This is a saying that’s been heard over and over again. “Is the best defense really a good offense?” In the sports world that may hold true. In real life, not so much. A perfect example might be the current political atmosphere. If a candidate is accused of some unpolitician-like behavior, does the public immediately forgive that person if they go on the defensive against another politician? Not at all.
Now picture yourself in a courtroom scenario. There’s a judge, jury and observers in the courtroom. You are a defendant, but it might not be a good idea to be aggressive on the offense. Your attorney should bring up rebuttals to all the points brought forward by the prosecution. Your attorney should point out inconsistencies in the evidence against you. That’s what a good defense should do.
Defense attorneys will normally walk their clients through a courtroom scenario prior to the real thing. It is always best to be prepared for any possible situation. Keeping your calm demeanor will go a long way with everyone in the courtroom. Showing respect for the process will show those people present that you are not the bad person they may have been anticipating.
What you don’t want to happen is to have your attorney act like a pitbull in the courtroom. Imagine your attorney firing back with accusations at the prosecution and the complainant. The complainant already has a sympathetic stand with the jury. This person is claiming to have had you perform an injurious act against them; whether criminal, financial or civil. Attacking the complainant will not help your case.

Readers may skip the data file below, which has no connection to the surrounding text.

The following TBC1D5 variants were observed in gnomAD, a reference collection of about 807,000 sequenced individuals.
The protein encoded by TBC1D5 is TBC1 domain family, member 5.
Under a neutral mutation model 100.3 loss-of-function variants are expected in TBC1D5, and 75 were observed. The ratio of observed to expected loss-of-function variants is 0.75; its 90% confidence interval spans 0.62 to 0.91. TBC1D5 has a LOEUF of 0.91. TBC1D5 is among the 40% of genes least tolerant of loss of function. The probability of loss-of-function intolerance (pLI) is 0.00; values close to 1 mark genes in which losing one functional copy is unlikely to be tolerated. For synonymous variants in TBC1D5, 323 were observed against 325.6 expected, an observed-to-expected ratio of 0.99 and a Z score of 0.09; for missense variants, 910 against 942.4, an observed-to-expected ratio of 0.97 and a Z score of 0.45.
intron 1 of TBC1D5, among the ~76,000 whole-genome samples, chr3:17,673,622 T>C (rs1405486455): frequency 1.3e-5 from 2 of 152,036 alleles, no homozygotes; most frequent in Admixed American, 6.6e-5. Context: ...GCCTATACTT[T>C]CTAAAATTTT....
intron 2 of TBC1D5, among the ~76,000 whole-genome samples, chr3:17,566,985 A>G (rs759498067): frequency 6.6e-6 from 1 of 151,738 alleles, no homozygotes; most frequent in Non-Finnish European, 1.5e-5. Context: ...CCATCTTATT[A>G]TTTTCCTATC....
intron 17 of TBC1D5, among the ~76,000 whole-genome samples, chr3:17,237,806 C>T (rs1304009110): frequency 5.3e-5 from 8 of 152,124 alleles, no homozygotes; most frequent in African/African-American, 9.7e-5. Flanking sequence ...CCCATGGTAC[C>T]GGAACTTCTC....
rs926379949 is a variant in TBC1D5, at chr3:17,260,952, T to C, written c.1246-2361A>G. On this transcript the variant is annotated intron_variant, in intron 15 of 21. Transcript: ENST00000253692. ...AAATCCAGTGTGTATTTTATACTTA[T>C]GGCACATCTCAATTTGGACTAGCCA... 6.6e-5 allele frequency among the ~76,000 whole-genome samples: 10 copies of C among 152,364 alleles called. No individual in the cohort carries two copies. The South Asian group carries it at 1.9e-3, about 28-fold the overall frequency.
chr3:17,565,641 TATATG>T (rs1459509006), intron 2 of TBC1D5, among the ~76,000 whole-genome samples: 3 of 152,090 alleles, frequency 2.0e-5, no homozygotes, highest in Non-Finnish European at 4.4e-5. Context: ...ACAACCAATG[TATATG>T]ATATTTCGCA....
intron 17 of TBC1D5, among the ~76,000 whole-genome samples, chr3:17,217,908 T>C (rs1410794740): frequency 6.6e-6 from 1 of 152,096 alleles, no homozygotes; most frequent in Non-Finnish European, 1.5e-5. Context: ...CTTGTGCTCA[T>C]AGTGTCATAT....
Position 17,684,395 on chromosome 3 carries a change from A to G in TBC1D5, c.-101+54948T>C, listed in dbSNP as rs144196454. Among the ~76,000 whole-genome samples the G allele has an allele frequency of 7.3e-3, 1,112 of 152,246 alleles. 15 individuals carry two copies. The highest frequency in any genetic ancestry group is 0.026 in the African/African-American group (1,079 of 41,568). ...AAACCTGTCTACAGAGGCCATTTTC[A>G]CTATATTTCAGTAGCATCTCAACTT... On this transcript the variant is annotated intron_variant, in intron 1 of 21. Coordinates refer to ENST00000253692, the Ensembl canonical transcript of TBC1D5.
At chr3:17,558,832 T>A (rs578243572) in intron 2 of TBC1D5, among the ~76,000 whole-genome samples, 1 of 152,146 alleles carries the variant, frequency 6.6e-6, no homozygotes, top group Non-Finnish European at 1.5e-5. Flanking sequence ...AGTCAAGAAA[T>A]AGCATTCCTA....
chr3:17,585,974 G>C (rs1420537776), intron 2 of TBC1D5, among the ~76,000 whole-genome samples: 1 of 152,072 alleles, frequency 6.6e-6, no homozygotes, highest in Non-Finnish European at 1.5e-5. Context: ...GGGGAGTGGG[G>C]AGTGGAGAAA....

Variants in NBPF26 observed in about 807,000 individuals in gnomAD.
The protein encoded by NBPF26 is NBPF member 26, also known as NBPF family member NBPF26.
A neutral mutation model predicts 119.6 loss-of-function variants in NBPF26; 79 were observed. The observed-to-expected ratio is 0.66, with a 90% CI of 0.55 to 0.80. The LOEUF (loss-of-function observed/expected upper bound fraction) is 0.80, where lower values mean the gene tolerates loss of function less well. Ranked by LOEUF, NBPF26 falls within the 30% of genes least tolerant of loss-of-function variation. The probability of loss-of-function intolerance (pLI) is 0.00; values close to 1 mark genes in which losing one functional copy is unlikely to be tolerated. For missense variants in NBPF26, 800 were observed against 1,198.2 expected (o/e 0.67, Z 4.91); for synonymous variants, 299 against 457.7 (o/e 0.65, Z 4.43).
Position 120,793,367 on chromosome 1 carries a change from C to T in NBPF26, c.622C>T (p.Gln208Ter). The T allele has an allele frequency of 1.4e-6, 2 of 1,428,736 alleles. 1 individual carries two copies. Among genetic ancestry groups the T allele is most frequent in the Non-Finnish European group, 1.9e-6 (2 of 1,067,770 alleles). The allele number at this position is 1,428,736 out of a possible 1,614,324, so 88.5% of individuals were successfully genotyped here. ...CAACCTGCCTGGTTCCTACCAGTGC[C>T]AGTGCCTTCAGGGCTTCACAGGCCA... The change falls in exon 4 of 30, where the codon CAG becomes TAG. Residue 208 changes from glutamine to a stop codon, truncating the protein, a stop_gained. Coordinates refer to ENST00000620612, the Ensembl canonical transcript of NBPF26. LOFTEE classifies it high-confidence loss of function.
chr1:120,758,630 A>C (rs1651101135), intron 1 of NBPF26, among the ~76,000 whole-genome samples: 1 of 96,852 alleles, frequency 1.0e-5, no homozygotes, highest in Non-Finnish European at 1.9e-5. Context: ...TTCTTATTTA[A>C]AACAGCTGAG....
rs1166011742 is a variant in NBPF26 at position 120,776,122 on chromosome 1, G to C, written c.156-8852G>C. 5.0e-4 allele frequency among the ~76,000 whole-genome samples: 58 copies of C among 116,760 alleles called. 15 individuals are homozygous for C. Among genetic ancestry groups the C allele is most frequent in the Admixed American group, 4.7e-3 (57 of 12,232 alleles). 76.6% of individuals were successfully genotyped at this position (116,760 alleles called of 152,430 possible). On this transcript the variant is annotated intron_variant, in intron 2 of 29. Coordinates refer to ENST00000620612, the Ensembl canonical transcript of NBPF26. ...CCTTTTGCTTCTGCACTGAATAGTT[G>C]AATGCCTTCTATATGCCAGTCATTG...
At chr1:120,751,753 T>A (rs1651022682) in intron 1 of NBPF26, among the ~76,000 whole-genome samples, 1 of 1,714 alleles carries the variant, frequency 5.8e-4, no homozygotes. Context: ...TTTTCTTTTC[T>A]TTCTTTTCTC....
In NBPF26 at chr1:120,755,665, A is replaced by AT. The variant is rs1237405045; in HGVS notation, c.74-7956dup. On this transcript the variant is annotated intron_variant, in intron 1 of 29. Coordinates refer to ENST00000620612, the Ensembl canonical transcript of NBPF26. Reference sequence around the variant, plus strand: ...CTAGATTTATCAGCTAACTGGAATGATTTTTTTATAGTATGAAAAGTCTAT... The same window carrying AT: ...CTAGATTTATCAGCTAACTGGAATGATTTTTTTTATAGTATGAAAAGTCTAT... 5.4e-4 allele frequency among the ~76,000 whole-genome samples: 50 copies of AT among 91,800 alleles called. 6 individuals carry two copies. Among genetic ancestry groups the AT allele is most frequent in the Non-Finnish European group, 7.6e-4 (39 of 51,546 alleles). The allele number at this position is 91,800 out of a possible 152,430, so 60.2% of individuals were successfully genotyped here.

We have all seen the TV shows where the defense gets up to question the witnesses for the prosecution. On TV they go after them with no mercy, trying to break down their story. This normally ensures that the judge and jury will have little sympathy with you. Attacking someone to make you look better will backfire. It is best to follow the rules of decorum while in front of the judge.
This does not mean that your attorney should roll over and let the prosecution bring forward inaccuracies. This means that your attorney should bring forward his evidence in a cordial yet assertive manner. Having a good offense will give you the best defense you can have, but keep it non-aggressive for the best outcome.